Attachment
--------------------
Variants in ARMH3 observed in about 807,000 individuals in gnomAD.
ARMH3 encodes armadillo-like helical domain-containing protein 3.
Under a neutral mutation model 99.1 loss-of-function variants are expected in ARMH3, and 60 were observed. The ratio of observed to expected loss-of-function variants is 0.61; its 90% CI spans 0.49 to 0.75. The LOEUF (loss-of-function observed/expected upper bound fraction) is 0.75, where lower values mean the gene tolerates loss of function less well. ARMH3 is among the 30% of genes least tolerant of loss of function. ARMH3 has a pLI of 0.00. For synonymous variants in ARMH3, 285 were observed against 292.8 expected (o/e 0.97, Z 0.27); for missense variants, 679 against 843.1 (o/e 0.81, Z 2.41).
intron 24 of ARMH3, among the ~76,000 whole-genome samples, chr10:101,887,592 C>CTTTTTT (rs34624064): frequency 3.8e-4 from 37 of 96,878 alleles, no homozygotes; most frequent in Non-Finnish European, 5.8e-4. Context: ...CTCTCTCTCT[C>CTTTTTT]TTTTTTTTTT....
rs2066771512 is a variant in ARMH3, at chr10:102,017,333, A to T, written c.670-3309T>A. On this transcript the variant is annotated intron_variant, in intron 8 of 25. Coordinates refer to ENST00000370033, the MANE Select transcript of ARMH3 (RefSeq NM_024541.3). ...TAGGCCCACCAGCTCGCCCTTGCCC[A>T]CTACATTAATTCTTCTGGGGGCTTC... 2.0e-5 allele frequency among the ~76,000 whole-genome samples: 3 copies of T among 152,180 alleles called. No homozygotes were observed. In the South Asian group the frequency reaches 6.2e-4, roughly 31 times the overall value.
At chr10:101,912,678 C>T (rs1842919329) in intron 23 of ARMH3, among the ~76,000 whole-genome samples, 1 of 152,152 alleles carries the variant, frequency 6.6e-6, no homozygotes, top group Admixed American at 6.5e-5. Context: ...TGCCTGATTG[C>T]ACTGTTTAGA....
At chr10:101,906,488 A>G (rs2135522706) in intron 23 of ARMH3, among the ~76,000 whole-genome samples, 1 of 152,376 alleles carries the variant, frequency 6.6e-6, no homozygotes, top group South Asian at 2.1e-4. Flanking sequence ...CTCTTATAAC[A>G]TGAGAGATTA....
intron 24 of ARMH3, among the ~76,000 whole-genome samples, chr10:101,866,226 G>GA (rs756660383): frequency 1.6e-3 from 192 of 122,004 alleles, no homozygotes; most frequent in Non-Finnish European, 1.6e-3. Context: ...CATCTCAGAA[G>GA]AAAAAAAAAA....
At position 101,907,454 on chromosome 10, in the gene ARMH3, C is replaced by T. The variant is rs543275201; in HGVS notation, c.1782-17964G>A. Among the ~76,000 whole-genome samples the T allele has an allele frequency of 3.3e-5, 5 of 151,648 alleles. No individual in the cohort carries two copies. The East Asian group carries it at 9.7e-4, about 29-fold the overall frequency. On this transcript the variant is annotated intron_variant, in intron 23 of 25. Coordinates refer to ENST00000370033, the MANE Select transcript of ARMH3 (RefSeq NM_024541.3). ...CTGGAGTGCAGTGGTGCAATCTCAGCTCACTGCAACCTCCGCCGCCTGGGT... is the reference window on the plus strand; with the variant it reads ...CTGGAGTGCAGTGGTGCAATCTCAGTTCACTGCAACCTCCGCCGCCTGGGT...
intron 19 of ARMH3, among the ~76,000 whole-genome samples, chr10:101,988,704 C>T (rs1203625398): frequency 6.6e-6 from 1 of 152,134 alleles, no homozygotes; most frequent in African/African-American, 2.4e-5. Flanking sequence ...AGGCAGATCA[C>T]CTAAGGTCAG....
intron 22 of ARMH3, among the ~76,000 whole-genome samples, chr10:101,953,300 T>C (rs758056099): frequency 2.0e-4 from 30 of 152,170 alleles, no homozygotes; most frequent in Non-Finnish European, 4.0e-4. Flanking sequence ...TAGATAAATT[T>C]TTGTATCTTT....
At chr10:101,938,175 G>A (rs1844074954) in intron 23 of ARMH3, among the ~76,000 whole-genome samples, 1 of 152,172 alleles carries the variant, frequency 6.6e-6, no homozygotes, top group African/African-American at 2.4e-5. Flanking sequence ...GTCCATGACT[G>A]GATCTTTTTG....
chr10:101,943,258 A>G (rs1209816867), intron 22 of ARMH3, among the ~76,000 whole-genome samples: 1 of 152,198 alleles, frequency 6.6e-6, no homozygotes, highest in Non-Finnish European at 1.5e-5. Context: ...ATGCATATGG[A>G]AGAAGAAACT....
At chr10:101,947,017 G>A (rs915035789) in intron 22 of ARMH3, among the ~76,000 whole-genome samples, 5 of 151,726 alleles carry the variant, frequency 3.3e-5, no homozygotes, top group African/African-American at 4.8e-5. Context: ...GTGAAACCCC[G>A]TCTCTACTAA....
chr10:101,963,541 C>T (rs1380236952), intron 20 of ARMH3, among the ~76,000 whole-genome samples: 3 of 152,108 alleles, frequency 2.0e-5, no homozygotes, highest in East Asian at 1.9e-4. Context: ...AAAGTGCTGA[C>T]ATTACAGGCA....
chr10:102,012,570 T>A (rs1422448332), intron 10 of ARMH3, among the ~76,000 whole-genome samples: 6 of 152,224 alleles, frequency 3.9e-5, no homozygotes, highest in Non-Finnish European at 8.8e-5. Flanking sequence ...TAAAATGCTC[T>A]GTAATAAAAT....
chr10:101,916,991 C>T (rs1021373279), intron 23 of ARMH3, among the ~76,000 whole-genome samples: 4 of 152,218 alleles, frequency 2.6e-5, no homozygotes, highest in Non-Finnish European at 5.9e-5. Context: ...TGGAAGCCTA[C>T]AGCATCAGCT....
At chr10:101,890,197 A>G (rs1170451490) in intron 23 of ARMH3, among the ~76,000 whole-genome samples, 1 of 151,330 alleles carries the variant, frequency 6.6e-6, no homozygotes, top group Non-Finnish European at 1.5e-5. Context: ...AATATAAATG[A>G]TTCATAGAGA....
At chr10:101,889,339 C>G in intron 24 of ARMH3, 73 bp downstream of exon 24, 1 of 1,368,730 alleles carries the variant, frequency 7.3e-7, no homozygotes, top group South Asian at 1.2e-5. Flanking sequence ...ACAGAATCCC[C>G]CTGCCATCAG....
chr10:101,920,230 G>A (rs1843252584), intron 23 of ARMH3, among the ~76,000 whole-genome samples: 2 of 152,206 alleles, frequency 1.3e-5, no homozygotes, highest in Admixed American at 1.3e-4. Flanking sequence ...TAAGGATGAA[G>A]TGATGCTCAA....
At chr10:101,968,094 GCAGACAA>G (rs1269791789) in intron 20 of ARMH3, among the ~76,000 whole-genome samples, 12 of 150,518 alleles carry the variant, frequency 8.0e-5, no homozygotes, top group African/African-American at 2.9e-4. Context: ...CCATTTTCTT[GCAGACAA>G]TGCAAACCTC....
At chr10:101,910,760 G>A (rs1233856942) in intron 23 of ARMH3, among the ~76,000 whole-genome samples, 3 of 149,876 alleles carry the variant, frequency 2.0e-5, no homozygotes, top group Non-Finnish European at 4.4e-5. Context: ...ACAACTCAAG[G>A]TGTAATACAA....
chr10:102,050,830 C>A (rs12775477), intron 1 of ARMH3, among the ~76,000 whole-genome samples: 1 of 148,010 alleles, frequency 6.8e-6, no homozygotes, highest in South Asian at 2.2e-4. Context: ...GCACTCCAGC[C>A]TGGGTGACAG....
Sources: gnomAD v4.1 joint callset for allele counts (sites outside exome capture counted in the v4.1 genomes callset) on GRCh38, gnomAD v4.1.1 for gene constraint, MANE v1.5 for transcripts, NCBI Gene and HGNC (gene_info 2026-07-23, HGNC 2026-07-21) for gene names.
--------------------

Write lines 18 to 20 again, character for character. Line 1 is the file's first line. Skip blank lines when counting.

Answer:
At chr10:101,890,197 A>G (rs1170451490) in intron 23 of ARMH3, among the ~76,000 whole-genome samples, 1 of 151,330 alleles carries the variant, frequency 6.6e-6, no homozygotes, top group Non-Finnish European at 1.5e-5. Context: ...AATATAAATG[A>G]TTCATAGAGA....
At chr10:101,889,339 C>G in intron 24 of ARMH3, 73 bp downstream of exon 24, 1 of 1,368,730 alleles carries the variant, frequency 7.3e-7, no homozygotes, top group South Asian at 1.2e-5. Flanking sequence ...ACAGAATCCC[C>G]CTGCCATCAG....
chr10:101,920,230 G>A (rs1843252584), intron 23 of ARMH3, among the ~76,000 whole-genome samples: 2 of 152,206 alleles, frequency 1.3e-5, no homozygotes, highest in Admixed American at 1.3e-4. Flanking sequence ...TAAGGATGAA[G>A]TGATGCTCAA....